This patrician decline occurred at the state and local level as well.
He could be unbearably glib, but his patrician persona and acid tongue, his radiating sense of superiority, made for good showbiz.
Max Wilson gave Ralph Lauren women's wear its patrician flair.
One of those votes belonged to Justice Lewis Powell, a well-heeled, patrician justice from Virginia appointed by Richard Nixon.
This woman with no patrician forebears is ready for the throne already.
Gone now was the consciousness of strength, the dignity of the patrician!
Proud am I of my distant land, and proud now to be a patrician of Rome.'
His integrity was republican—his loftiness of spirit was patrician.
I esteem the rose a patrician, and fairly entitled to patrician manners.
It was such a clasp of diamonds as would have hastened the pulsation of a patrician wrist.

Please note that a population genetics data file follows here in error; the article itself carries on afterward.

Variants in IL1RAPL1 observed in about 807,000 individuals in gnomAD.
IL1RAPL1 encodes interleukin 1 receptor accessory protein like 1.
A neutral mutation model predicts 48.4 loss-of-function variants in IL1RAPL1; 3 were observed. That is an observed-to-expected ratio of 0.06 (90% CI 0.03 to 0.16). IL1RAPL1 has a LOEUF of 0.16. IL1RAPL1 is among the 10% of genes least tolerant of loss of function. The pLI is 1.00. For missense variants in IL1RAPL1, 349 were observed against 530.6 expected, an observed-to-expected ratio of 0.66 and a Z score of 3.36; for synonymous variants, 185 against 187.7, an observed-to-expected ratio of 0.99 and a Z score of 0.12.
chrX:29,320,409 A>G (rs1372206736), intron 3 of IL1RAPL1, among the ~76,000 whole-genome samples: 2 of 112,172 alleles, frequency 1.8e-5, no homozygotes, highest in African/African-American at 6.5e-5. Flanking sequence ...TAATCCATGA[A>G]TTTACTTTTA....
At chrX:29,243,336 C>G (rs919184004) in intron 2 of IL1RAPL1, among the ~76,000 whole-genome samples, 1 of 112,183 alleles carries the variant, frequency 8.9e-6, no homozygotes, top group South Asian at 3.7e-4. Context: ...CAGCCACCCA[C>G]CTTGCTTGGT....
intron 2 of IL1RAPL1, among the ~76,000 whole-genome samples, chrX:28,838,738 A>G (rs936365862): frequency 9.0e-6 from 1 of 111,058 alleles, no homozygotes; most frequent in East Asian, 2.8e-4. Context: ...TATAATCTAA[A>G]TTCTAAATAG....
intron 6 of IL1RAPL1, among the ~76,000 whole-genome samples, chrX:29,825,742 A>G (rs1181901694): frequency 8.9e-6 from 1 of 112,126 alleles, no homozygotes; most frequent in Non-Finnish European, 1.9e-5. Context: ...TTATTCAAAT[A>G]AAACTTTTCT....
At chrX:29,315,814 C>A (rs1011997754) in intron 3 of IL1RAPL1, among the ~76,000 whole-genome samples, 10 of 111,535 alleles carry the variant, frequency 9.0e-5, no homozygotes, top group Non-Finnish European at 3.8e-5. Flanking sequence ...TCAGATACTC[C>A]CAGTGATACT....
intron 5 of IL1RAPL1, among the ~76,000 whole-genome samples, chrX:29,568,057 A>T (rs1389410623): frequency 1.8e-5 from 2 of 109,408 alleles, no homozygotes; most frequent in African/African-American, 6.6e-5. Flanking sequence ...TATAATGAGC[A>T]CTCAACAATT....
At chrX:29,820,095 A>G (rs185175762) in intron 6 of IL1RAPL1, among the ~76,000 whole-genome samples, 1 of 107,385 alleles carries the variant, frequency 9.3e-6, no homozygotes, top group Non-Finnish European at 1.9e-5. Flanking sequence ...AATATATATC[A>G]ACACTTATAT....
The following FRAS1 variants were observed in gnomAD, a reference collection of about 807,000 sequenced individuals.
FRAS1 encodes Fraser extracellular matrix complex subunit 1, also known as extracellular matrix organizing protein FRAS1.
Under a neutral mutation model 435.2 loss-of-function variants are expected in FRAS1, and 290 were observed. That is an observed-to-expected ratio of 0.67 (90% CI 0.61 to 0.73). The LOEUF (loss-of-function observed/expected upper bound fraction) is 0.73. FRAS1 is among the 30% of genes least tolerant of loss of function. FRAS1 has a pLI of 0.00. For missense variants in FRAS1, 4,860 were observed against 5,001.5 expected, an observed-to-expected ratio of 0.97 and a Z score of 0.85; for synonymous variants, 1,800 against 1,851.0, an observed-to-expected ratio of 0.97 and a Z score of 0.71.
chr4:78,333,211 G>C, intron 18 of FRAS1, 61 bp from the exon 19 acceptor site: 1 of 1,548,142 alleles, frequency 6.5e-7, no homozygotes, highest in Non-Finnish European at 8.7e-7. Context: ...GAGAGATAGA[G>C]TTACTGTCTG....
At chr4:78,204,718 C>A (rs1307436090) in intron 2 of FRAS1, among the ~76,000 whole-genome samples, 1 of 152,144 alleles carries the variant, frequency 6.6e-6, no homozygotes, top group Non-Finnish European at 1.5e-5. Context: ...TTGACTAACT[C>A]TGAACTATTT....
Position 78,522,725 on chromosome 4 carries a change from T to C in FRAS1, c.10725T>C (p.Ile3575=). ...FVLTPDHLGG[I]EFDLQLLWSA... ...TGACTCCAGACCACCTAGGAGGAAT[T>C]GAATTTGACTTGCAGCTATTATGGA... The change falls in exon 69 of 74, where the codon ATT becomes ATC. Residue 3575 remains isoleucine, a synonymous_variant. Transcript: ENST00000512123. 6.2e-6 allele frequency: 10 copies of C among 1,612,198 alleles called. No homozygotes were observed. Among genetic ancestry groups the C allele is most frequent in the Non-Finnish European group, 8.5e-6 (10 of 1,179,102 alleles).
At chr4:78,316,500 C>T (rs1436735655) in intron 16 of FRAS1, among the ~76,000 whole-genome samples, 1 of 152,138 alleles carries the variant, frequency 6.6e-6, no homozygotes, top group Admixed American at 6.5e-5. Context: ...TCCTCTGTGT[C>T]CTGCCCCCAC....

early 15c., "member of the ancient Roman noble order," from Middle French patricien, from Latin patricius "of the rank of the nobles, of the senators; of fatherly dignity," from patres conscripti "Roman senators," literally "fathers," plural of pater "father" (see father (n.)). Contrasted, in ancient Rome, with plebeius. Applied to noble citizens and higher orders of free folk in medieval Italian and German cities (sense attested in English from 1610s); hence "nobleman, aristocrat" in a modern sense (1630s). As an adjective, attested from 1610s, from the noun.